Behind this public front of diplomacy, however Pius XII engaged in Playing Both Sides. He established contacts with the German Resistance and the Catholic Church played a part in hiding several Jews. Contrary to his nickname of "Hitler's Pope", Hitler is recorded as having said Pius XII and the Catholic Church were "Nazism's greatest enemy" and according to one apocryphal story, once actually tried to kidnap Pope Pius XII from within the Vatican. The reason for such hatred on Hitler's part, is very well known to modern-day historians: Using Churches as hiding grounds for hunted minorities, issuing fake passports for war refugees and in general doing everything within his power to protect the targets of the Holocaust from Hitler's wrath would logically anger the Fuhrer to quite an extent. Whether these actions were the work of independent clergy were operating on their own or if it was encouraged by Pius XII himself, is not fully established by independent researchers since the Vatican Archives are still kept out of reach, though in 2014, Pope Francis ordered it open to the public well before the statute expired so as to clear the air.
The general view among Historians is that Pope Pius XII followed a pragmatic course, hoping to prevent Nazism from marching into the Vatican or bombing it via air-strike by maintaining a front of neutrality, which nonetheless allowed the Church's Network to save nearly thousands of Jews from the Holocaust. Critics argued that as the most powerful religious leader, at a time when most of Europe and America was highly Catholic, Pope Pius XII could have and should have done more by taking a public stand against Hitler and his antisemitic massacres in the early part of the war. They also note (as does Pope Francis) however, that in many ways, the silence towards racist pogroms conducted by the Nazis is a charge that can be addressed to the Allied Powers as well, notably the controversy regarding the bombing of the railway tracks to Auschwitz. Few historians argue on any serious level that Pope Pius XII was truly "Hitler's Pope". The hagiographic view is that he was truly saving Jews and did what was right in his position, the more critical view was that he was short-sighted and lacking in true political vision and was more concerned about the survival of the Church as an institution during the war.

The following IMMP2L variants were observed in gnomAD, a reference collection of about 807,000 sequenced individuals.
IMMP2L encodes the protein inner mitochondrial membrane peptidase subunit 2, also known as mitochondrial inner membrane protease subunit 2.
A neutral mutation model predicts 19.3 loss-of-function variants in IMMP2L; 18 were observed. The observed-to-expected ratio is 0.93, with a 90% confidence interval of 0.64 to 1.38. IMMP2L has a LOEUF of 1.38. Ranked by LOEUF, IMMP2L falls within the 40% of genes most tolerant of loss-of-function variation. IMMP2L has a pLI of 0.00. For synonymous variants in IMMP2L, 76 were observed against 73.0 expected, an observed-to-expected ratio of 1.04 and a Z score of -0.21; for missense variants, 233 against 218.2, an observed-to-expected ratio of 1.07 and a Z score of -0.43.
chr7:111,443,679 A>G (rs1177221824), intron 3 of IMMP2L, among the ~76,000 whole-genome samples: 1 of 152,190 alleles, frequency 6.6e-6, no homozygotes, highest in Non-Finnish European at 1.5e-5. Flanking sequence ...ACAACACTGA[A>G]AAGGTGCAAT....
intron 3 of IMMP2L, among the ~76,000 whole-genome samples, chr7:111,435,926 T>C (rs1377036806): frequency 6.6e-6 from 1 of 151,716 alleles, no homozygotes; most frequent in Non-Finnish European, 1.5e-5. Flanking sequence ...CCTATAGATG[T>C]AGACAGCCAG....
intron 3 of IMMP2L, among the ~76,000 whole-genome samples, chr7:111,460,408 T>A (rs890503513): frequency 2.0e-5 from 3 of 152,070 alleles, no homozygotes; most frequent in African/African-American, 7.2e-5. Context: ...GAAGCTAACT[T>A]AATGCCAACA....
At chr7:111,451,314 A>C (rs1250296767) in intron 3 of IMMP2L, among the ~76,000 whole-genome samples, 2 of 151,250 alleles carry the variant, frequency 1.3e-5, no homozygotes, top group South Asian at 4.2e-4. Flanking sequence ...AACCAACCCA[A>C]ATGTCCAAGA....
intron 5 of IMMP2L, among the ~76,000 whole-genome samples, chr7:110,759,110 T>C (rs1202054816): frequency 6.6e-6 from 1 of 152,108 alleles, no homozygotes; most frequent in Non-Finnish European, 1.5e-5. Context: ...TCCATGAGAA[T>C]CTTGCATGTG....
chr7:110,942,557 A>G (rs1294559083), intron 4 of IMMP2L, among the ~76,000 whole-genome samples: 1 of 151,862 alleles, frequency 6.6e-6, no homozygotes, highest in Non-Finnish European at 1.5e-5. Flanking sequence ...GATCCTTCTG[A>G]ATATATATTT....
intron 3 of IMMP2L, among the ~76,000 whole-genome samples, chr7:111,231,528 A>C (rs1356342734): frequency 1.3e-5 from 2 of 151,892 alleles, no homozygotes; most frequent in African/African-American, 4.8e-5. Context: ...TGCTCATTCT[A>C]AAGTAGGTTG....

Clearly he did a damn good job of pretending to be inactive, because after the war, the myth of Hitler's Pope was propagated, despite the blatant evidence to the contrary, by works such as The Deputy, which established an inaccurate cultural image of him as a weak and hypocritical Pope.
He was also evidently a big fan of cinema and television, even writing some studies about it.
Tropes as portrayed in fiction:
- Historical Villain Upgrade: He's usually portrayed as, at best, remiss and unwilling to help, and at worst, as a full-on Nazi sympathizer. Neither are true.
Appears in the following works:
- The play The Deputy, a Christian Tragedy, which kickstarted the whole Hitler's Pope thing. Also see its film adaptation, Amen.
- The Scarlet and the Black features him in small capacity, showing him as neutral in the conflict.
- James Cromwell portrayed him in a Italian made-for-TV film called Pius XII: Under the Roman Sky. It's centered around the attempted kidnapping of His Holiness.